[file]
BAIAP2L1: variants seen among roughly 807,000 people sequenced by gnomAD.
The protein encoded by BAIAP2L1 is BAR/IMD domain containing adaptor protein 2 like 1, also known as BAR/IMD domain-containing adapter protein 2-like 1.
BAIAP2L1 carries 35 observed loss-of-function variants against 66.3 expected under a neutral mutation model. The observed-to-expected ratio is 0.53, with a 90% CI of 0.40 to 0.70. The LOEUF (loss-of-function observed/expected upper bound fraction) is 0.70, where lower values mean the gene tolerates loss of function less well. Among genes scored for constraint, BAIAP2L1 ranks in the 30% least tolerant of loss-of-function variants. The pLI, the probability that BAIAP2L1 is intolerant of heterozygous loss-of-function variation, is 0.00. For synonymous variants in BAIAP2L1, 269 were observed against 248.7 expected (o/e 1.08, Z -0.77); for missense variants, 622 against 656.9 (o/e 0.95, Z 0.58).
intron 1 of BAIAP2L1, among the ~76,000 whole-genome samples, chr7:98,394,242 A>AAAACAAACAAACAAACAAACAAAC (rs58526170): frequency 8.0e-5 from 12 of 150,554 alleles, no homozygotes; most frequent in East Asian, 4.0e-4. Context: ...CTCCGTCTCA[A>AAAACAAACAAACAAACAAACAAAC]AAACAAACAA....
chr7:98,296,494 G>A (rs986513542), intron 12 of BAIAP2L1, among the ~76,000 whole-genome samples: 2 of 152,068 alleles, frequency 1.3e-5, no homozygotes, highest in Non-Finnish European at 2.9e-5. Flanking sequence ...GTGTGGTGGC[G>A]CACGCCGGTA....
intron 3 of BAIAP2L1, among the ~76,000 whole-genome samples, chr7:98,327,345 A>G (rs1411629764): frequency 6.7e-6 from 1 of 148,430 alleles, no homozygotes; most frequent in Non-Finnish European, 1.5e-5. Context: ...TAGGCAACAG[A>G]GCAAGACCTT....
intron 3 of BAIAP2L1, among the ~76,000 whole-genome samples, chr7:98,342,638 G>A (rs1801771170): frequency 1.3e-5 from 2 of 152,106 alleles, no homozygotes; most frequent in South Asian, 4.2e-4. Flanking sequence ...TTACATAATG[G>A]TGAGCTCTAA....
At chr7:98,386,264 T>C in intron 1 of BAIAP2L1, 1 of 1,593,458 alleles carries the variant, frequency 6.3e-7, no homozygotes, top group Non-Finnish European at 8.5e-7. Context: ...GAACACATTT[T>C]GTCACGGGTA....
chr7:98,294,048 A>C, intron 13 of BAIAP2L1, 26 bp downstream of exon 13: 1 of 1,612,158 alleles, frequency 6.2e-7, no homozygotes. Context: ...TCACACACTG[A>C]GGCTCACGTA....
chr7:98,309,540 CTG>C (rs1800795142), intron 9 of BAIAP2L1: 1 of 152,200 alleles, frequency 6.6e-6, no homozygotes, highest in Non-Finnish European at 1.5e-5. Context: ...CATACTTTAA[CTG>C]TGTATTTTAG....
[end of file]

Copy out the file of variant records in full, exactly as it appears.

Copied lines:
BAIAP2L1: variants seen among roughly 807,000 people sequenced by gnomAD.
The protein encoded by BAIAP2L1 is BAR/IMD domain containing adaptor protein 2 like 1, also known as BAR/IMD domain-containing adapter protein 2-like 1.
BAIAP2L1 carries 35 observed loss-of-function variants against 66.3 expected under a neutral mutation model. The observed-to-expected ratio is 0.53, with a 90% CI of 0.40 to 0.70. The LOEUF (loss-of-function observed/expected upper bound fraction) is 0.70, where lower values mean the gene tolerates loss of function less well. Among genes scored for constraint, BAIAP2L1 ranks in the 30% least tolerant of loss-of-function variants. The pLI, the probability that BAIAP2L1 is intolerant of heterozygous loss-of-function variation, is 0.00. For synonymous variants in BAIAP2L1, 269 were observed against 248.7 expected (o/e 1.08, Z -0.77); for missense variants, 622 against 656.9 (o/e 0.95, Z 0.58).
intron 1 of BAIAP2L1, among the ~76,000 whole-genome samples, chr7:98,394,242 A>AAAACAAACAAACAAACAAACAAAC (rs58526170): frequency 8.0e-5 from 12 of 150,554 alleles, no homozygotes; most frequent in East Asian, 4.0e-4. Context: ...CTCCGTCTCA[A>AAAACAAACAAACAAACAAACAAAC]AAACAAACAA....
chr7:98,296,494 G>A (rs986513542), intron 12 of BAIAP2L1, among the ~76,000 whole-genome samples: 2 of 152,068 alleles, frequency 1.3e-5, no homozygotes, highest in Non-Finnish European at 2.9e-5. Flanking sequence ...GTGTGGTGGC[G>A]CACGCCGGTA....
intron 3 of BAIAP2L1, among the ~76,000 whole-genome samples, chr7:98,327,345 A>G (rs1411629764): frequency 6.7e-6 from 1 of 148,430 alleles, no homozygotes; most frequent in Non-Finnish European, 1.5e-5. Context: ...TAGGCAACAG[A>G]GCAAGACCTT....
intron 3 of BAIAP2L1, among the ~76,000 whole-genome samples, chr7:98,342,638 G>A (rs1801771170): frequency 1.3e-5 from 2 of 152,106 alleles, no homozygotes; most frequent in South Asian, 4.2e-4. Flanking sequence ...TTACATAATG[G>A]TGAGCTCTAA....
At chr7:98,386,264 T>C in intron 1 of BAIAP2L1, 1 of 1,593,458 alleles carries the variant, frequency 6.3e-7, no homozygotes, top group Non-Finnish European at 8.5e-7. Context: ...GAACACATTT[T>C]GTCACGGGTA....
chr7:98,294,048 A>C, intron 13 of BAIAP2L1, 26 bp downstream of exon 13: 1 of 1,612,158 alleles, frequency 6.2e-7, no homozygotes. Context: ...TCACACACTG[A>C]GGCTCACGTA....
chr7:98,309,540 CTG>C (rs1800795142), intron 9 of BAIAP2L1: 1 of 152,200 alleles, frequency 6.6e-6, no homozygotes, highest in Non-Finnish European at 1.5e-5. Context: ...CATACTTTAA[CTG>C]TGTATTTTAG....